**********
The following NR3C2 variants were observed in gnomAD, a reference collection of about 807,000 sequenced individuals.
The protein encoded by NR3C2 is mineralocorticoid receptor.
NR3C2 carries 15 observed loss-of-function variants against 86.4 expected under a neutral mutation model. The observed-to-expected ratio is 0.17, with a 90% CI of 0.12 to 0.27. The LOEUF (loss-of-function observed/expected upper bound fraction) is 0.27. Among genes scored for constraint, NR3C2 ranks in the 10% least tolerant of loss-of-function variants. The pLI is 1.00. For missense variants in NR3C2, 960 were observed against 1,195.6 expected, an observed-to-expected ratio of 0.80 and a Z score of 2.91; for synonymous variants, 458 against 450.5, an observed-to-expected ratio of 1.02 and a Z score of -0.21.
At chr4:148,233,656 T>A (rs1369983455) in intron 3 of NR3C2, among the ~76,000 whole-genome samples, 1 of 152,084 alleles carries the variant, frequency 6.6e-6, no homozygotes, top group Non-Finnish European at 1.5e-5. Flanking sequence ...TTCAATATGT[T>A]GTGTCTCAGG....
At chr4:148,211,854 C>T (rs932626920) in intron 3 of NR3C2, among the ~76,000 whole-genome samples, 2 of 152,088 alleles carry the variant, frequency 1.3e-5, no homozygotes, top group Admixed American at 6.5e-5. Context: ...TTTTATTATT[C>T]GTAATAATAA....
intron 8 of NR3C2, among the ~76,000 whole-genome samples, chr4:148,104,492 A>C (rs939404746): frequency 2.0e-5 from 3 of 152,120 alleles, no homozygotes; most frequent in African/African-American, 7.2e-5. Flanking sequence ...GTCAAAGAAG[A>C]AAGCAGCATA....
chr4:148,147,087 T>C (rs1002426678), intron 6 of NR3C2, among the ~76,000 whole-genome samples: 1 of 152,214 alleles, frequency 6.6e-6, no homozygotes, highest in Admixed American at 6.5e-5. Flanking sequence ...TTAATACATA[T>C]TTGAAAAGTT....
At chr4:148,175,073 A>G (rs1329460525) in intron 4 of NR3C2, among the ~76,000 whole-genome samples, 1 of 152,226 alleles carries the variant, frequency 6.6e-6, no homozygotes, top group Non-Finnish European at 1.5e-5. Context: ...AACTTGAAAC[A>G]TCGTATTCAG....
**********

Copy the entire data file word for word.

The following NR3C2 variants were observed in gnomAD, a reference collection of about 807,000 sequenced individuals.
The protein encoded by NR3C2 is mineralocorticoid receptor.
NR3C2 carries 15 observed loss-of-function variants against 86.4 expected under a neutral mutation model. The observed-to-expected ratio is 0.17, with a 90% CI of 0.12 to 0.27. The LOEUF (loss-of-function observed/expected upper bound fraction) is 0.27. Among genes scored for constraint, NR3C2 ranks in the 10% least tolerant of loss-of-function variants. The pLI is 1.00. For missense variants in NR3C2, 960 were observed against 1,195.6 expected, an observed-to-expected ratio of 0.80 and a Z score of 2.91; for synonymous variants, 458 against 450.5, an observed-to-expected ratio of 1.02 and a Z score of -0.21.
At chr4:148,233,656 T>A (rs1369983455) in intron 3 of NR3C2, among the ~76,000 whole-genome samples, 1 of 152,084 alleles carries the variant, frequency 6.6e-6, no homozygotes, top group Non-Finnish European at 1.5e-5. Flanking sequence ...TTCAATATGT[T>A]GTGTCTCAGG....
At chr4:148,211,854 C>T (rs932626920) in intron 3 of NR3C2, among the ~76,000 whole-genome samples, 2 of 152,088 alleles carry the variant, frequency 1.3e-5, no homozygotes, top group Admixed American at 6.5e-5. Context: ...TTTTATTATT[C>T]GTAATAATAA....
intron 8 of NR3C2, among the ~76,000 whole-genome samples, chr4:148,104,492 A>C (rs939404746): frequency 2.0e-5 from 3 of 152,120 alleles, no homozygotes; most frequent in African/African-American, 7.2e-5. Flanking sequence ...GTCAAAGAAG[A>C]AAGCAGCATA....
chr4:148,147,087 T>C (rs1002426678), intron 6 of NR3C2, among the ~76,000 whole-genome samples: 1 of 152,214 alleles, frequency 6.6e-6, no homozygotes, highest in Admixed American at 6.5e-5. Flanking sequence ...TTAATACATA[T>C]TTGAAAAGTT....
At chr4:148,175,073 A>G (rs1329460525) in intron 4 of NR3C2, among the ~76,000 whole-genome samples, 1 of 152,226 alleles carries the variant, frequency 6.6e-6, no homozygotes, top group Non-Finnish European at 1.5e-5. Context: ...AACTTGAAAC[A>G]TCGTATTCAG....